Pellegrini’s loss of nerve

by Paul Little

Pellegrini CityA wise man once said, doubt whom you will, but never yourself. Last week, Manuel Pellegrini doubted himself and paid the price.

Manchester City’s anxious victory over strugglers Stoke at the Etihad on Saturday may have kept them in touch with leaders Chelsea in the Premier League title race, but it didn’t quite dispel the doubts raised by their midweek defeat in the Champions League at the hands of Barcelona.

Put simply, Manuel Pellegrini lost his nerve against the Catalan giants. It showed in both his choice of personnel and his formation. All season, the Chilean has put faith in an attack-minded 4-4-2 and his players’ ability to see off all comers with their physical power and the quality of their attacking play. You worry about us, because we’ll not be worrying about you, seemed to the manager’s tactical mantra.

But against Barcelona, Pellegrini was clearly worried about the visitors and for the first time this season he changed his approach to counter an opponent. So in came a five man midfield and a questionable plan to shackle Danny Alves with two full backs down the City left – and out went the formation that has served them so well.

Pellegrini’s selection and formation might have been logical a couple of seasons ago when Barcelona were in their pomp, but it made much less sense on Tuesday.

Bayerns Munich’s 7-0 aggregate demolition of the Spanish champions in last season’s Champions League semi finals showed not just how much their powers have waned – but also how powerful, aggressive and technically gifted opponents could wrest control of the ball for long enough to exploit their defensive weaknesses.

Manchester City have similar qualities to Munich in terms of their physical attributes and their ability to monopolise possession. So what surprised me most last Tuesday was Pellegrini’s decision to contain Barca rather than be aggressive and get after them as they have every other opponent this season – and follow Bayern’s lead. It suggested a loss of nerve, a sudden sense of doubt. And doubts, to paraphrase Bill Shakespeare, are traitors that make us fear to attempt.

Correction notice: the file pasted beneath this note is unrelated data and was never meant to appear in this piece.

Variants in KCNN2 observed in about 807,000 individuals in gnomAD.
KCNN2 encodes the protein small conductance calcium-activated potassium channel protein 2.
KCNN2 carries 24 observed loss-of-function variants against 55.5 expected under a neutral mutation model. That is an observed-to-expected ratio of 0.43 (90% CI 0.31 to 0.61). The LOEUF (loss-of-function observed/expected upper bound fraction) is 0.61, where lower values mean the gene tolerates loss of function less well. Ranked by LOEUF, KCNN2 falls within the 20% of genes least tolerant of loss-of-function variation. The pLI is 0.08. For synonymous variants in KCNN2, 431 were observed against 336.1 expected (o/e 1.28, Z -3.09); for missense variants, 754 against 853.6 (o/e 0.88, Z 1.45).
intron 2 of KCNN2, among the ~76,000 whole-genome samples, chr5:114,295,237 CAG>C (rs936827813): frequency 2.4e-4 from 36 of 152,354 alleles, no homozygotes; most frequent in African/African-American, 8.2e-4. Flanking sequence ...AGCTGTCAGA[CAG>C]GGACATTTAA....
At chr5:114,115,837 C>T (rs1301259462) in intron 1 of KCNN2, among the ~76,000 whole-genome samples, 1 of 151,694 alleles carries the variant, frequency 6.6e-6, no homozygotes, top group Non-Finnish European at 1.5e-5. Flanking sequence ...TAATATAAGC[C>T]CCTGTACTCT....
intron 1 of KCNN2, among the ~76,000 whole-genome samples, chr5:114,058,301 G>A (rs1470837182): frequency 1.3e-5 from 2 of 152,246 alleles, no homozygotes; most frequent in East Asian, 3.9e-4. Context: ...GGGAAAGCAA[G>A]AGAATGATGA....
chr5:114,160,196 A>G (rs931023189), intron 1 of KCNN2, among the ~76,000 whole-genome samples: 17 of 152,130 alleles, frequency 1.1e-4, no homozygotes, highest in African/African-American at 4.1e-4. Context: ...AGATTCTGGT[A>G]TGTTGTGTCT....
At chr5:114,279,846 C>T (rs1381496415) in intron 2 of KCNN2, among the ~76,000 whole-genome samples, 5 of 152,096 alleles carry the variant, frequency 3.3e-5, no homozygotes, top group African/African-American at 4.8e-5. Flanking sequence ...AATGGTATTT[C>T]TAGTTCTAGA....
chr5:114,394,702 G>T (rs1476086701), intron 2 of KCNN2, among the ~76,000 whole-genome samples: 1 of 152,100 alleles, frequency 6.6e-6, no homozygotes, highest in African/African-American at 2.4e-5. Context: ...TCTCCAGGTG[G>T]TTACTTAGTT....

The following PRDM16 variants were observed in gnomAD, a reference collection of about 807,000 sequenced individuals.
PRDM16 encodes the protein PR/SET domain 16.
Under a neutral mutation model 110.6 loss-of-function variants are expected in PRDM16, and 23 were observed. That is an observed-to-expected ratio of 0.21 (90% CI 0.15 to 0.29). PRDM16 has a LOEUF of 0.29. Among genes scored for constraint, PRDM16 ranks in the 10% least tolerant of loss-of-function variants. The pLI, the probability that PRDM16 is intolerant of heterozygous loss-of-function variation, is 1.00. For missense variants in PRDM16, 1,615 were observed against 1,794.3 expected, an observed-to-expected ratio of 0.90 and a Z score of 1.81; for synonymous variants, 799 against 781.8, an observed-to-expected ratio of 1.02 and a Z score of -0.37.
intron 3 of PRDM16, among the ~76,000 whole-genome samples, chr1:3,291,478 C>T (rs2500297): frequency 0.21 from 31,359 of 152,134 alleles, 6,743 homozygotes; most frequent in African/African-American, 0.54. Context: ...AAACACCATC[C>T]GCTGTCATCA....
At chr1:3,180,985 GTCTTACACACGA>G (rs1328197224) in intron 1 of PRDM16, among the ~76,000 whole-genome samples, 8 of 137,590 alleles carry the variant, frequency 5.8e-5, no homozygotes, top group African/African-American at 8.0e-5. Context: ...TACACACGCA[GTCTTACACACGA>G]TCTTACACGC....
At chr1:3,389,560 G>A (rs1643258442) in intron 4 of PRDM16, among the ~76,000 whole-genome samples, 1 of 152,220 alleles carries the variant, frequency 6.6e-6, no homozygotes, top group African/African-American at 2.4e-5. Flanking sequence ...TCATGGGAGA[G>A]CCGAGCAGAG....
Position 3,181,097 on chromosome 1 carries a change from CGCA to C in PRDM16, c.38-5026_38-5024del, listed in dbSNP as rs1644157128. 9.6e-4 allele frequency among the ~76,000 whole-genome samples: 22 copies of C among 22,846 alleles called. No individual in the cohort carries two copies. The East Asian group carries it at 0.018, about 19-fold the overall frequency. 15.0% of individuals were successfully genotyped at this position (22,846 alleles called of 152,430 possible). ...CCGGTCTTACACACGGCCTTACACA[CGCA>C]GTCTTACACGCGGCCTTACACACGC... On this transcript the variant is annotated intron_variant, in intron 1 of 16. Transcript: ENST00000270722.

Before Christmas, I suggested in this paper that the main barrier to City regaining the Premier League title might come from within, rather than from without. Then, I was suggesting that if they rid themselves of the suspect attitude in away games that saw them drop points at unlikely venues, then it would be extremely hard to back against them given the quality and depth of their squad. Victories in January at Swansea, Newcastle and Spurs suggested they had done so.

But after a critical defeat at home to title rivals Chelsea and now this sudden change of approach – and another defeat – against Barcelona, it’ll be interesting to see if their sense of belief and that of their manager in particular may have been undermined.  Saturday’s three points against Stoke will have been greeted with relief, but there are bigger tests of Pellegrini’s nerve to come.

2 Responses

  1. Matt says:

    Surely it wasn’t a “loss of nerve” but rather a response to the way in which we were beaten at home by Bayern? We played 442 against Bayern and got trounced – lesson learned. We were actually the team that carried the greater threat against Barca (arguably even after we went down to 10). Tactically, therefore, he did nothing wrong. You can’t plan for everything. It is certainly not a “change in approach” and you’d realise that if you watched City every week. We play just as we did earlier in the season but can’t score 4/5 every week.

  2. miltcroall says:

    Sounds like a person who wants to see City humiliated, they used poor tactics against Bayern & Chelsea and didn’t get in the game.
    when they played Barca if the ref had blown for a Busquets foul on Navas then there wouldn’t have been a penalty, City were definitely in the game and were unlucky. At the Nou Camp they could well turn it round.

Leave a Reply

Leave a Reply